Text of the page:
(Contributed - by Robert J. Koenn - 09/16/08)
FlisKits recently added another new kit to their line of kits. This is the first scale kit by FlisKits and
a notable addition to the line. I have previously built a number of Micromaxx kits from Aerospace Specialty
Products and when I saw this new scale kit from FlisKits at this year I knew I had to have it. It makes a neat
addition to the display of micro-scale kits I have on my desk at work at KSC. There have been numerous Honest John kits
over the years starting with the BT-50 size Estes kits from the late 60s, the Maxi-Brute Estes kit, and a couple of
others. And now there is the FlisKits version to cover the small end of the scale.
The Honest John was packaged in a small plastic bag with a folded 8.5" by 11" instruction sheet. In the
- Body tube
- Engine tube
- Balsa nose cone
- Laser cut fins and launch lug standoffs
- Centering rings
- Launch lug
- Small nail for attaching shock line to the nose cone
- Decal sheet
The first step was to assemble the engine mount. There is a pair of centering rings laser cut from basswood which
makes building up the mount very easy. First, the engine block is glued into the engine tube and then the centering
rings are glued on at each end. To finish up the engine mount, the Kevlar
shock line is tied around the engine tube behind the upper and glued into place. Now the body tube has
to be cut to the proper length per the instructions. My previous FlisKit required the tube to be cut as well which is
odd nowadays but very simple to do. However, don't make a mistake or you are out of luck. Not too many rocketeers keep
these small diameter tubes in spare stock. Once the engine mount has dried, it can be glued into the rear of the rocket
making sure to feed the shock line out the front. FlisKits' instructions show the engine mount extending slightly from
the rear of the rocket but I glued mine in flush.
Next up is the fins. They are also laser cut from a thin piece of basswood. I punched them out and then, as much
as possible on fins so small and thin, sanded in the trapezoidal diamond . I then filled the fins with two coats
of Coverite Balsarite balsa surfacer sanding lightly between each coat. When the fins had dried completely from the
Balsarite, I carefully aligned them and attached them with a drop of CA glue that I drew along the joint with a scrap
stick. A shot of accelerator hardened the glue and locked the fins in place. To finish up the body I then attached the
launch lugs after cutting them to length to match the standoff which is required due to the large diameter of the nose
cone. I used CA glue again for this and also sealed the surfaces of the basswood standoffs with the CA.
The final step was to finish the installation of the recovery system by pushing a small nail into the nose cone
and gluing it into place with CA glue. The shock line previously attached to the engine mount was pulled out the front
of the rocket and tied around the nail and CA glue was used to glue the line and knot securely to the nail. The
streamer was then attached to the line with a piece of chrome tape.
The now completely assembled model was then given two coats of Rustoleum gray auto . I sanded lightly between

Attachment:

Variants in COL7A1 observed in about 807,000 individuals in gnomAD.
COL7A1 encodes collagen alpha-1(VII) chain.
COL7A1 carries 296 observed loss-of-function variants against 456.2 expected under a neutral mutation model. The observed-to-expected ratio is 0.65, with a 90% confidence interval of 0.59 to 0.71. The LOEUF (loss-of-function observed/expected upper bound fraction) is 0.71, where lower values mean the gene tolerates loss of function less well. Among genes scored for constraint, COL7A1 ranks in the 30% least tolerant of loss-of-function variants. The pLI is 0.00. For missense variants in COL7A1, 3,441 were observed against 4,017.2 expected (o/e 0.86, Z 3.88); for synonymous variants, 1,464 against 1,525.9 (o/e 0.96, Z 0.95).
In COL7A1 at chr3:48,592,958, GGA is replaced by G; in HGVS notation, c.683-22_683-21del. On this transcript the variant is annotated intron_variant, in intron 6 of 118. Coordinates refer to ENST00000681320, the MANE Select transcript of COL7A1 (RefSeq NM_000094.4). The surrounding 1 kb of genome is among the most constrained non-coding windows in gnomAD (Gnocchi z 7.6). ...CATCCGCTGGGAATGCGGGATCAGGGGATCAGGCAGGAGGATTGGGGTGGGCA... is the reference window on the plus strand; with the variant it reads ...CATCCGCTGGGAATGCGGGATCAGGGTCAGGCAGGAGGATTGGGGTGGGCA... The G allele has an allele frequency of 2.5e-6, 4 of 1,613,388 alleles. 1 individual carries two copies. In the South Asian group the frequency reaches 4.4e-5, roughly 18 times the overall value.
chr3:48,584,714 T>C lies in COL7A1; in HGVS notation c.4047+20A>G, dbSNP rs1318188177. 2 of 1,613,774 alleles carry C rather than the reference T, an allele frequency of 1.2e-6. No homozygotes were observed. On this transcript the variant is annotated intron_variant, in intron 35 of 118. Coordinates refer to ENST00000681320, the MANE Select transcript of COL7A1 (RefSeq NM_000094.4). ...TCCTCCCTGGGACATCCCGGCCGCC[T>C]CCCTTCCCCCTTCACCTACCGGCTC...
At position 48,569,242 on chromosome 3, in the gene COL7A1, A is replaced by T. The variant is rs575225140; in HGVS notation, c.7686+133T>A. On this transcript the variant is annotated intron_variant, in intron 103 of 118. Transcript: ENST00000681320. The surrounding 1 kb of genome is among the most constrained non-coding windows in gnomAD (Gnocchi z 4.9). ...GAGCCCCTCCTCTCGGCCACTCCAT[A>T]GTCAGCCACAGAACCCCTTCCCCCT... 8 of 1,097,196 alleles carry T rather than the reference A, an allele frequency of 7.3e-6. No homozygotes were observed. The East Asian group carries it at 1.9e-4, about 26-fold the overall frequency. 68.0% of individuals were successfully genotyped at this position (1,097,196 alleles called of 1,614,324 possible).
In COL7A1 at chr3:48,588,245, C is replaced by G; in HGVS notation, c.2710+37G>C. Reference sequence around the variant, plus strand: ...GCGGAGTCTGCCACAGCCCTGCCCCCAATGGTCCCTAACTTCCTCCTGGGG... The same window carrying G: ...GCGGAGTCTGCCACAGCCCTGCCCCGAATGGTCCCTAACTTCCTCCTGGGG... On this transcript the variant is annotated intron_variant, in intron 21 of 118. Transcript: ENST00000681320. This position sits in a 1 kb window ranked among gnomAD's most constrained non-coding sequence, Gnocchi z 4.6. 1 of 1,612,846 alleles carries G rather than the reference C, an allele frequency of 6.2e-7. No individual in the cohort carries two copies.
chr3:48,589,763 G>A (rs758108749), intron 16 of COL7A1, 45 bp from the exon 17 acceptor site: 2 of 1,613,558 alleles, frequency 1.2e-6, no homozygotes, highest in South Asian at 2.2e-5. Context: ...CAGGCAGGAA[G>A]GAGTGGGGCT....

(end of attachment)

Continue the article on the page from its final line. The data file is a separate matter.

coats to get a smooth finish of the rocket. I then gave the model two coats of Tamiya acrylic olive green paint. The
decals include Army logo and markings. There are also four decals to simulate the spin motors on the nose of the
rocket. After allowing the decals to dry overnight I coated the entire model with Testors semi-gloss lacquer clear to
seal the decals.
½ out of 5
This model was only finished for a week or so before I went out to fly it. Because this is a Micromaxx model, I had
no choice but to use the Micromaxx 1/8A engine. You are also basically locked into using their integrated launch system
as inserting any type of normal igniter into the "lady finger" size engines would be difficult if not
impossible. I took the rocket along with two others to a local park on a Sunday morning and with assistance from my
wife launched the rocket using the Quest launcher. The launch process is a bit different and starts with unfolding and
assembling the launcher. The igniter is a wire that is part of a plastic igniter assembly. The igniter is
firmly pushed into a socket in the base of the launcher and the rocket is positioned on the launch rod so the igniter
wire is in the . The integrated controller is strung out on the wire extension cord and the safety pin is
inserted. This results in a red light and a continuous beep to verify continuity and warn you prior to
launch. At ignition the rocket took off and flew 120 to 150 feet into the sky. The performance was impressive for so
small an engine and it went somewhat higher then the FlisKits Stinger I also flew that day.
The streamer popped out at what seemed to be maximum altitude and the rocket, being so light, fell slowly to the
ground in the parking lot. Fortunately being so light, there was no damage at all.
½ out of 5
This Micromaxx rocket adds another scale kit to my collection of these kits that I display on my desk at work. It was
an easy build and captured the clean lines of the actual Honest John missile. The parts are of high quality which also
aids in the assembly, there was really no or fixes required. And as Jim told me when I bought these Micromaxx
kits from him at NARAM, the performance would be impressive, especially when compared to the Quest plastic Micromaxx
rockets. I am hoping that FlisKits will produce more in their line, particularly scale models or even miniature
versions of well known kits. They fly nicely and make great display rockets while taking up little room.
½ out of 5